Garry Kasparov is arguably the greatest chess player of all time. From 1986 until his retirement in 2005, he was ranked world No 1. He is also a leading human rights activist and is probably close to the top of Vladimir Putin’s hitlist, not least because he tried to run against him for the Russian presidency in 2007. But for people who are interested only in technology, Kasparov is probably best known as the first world champion to be beaten by a machine. In 1997, in a famous six-game match with the IBM supercomputer Deep Blue, he lost 3½-2½.
In the grand scheme of things, losing by one game in a six-game match might not seem much, but at the time it was seen as a major milestone in the long march towards “artificial” intelligence (AI). With the 20/20 vision of hindsight we can view it in a less apocalyptic light: the triumph of Deep Blue was really a victory of brute computing power, clever programming and the ruthless determination of a huge but struggling corporation to exploit the PR advantages of having one of its products do something that would impress the world’s media. But if you believe that AI has something to do with cognition, then Kasparov’s epochal defeat looks like a sideshow.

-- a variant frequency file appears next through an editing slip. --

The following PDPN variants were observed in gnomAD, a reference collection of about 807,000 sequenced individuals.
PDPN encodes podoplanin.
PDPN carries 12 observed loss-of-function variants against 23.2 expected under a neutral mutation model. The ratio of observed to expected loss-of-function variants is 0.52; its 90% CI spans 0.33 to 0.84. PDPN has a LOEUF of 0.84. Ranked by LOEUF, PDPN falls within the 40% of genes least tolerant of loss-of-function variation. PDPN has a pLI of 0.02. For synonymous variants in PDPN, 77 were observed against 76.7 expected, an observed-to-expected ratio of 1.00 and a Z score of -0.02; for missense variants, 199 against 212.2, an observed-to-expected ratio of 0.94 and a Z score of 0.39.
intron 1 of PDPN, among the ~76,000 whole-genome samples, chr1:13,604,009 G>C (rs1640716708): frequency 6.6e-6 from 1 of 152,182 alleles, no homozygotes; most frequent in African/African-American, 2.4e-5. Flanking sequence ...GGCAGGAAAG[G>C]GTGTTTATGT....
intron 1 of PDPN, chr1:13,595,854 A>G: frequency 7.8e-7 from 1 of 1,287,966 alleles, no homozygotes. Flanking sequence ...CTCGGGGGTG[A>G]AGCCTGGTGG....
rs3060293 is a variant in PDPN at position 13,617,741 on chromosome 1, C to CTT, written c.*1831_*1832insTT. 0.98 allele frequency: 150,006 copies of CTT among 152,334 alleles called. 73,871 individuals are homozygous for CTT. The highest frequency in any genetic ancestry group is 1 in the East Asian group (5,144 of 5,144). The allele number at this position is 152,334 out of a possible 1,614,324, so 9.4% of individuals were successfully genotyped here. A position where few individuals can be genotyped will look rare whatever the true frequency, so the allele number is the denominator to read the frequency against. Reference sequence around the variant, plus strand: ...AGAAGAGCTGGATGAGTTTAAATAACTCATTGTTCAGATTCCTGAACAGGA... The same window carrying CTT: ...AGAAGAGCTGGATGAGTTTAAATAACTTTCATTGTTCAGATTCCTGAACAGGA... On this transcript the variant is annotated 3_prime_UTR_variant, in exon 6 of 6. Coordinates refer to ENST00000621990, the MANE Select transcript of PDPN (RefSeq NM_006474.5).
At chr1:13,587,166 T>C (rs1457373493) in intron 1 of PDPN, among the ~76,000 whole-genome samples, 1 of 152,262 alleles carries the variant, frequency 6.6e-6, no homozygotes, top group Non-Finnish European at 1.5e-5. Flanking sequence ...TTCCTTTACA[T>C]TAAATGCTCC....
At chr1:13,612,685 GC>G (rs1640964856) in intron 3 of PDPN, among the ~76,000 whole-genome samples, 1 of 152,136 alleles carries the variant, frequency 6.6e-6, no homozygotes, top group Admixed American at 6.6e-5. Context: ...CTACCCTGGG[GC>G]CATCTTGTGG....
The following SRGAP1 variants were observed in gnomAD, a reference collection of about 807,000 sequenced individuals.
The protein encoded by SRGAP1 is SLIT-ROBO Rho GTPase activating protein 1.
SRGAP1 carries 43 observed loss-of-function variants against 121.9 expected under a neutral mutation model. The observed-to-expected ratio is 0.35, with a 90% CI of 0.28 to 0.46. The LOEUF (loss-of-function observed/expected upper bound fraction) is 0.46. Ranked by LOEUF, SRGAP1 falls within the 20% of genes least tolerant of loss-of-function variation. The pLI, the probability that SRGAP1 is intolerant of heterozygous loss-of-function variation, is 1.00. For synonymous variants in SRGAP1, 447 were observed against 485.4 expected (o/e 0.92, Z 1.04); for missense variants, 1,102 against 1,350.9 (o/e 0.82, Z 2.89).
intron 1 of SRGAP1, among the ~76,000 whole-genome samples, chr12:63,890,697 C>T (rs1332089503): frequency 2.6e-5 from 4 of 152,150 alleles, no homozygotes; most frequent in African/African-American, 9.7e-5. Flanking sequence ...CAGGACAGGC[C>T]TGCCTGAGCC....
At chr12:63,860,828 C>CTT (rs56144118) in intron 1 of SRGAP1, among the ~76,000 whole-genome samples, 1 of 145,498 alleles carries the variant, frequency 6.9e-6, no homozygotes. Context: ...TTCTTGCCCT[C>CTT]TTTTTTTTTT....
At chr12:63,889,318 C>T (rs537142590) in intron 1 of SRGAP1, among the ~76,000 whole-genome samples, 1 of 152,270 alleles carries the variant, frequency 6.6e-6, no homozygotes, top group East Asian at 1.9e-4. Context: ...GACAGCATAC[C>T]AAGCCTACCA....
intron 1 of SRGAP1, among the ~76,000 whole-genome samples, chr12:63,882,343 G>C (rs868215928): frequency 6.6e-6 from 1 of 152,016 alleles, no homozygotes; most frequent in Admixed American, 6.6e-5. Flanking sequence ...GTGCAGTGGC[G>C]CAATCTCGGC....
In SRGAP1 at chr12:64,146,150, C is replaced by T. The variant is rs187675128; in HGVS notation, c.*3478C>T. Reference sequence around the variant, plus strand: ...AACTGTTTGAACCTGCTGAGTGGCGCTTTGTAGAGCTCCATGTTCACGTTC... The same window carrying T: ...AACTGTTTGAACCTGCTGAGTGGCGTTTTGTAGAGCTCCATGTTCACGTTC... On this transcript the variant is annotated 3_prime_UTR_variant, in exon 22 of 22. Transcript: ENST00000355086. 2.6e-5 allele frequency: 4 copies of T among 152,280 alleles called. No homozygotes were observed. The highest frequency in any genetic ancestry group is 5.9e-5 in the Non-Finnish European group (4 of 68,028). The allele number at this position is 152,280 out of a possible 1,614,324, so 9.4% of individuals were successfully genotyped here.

That it retains its fascination owes more to the popular view of proficiency at chess as a proxy for superintelligence rather than as possession of a very specialised skill…
And see also Kasparov’s long conversation with Tyler Cowen.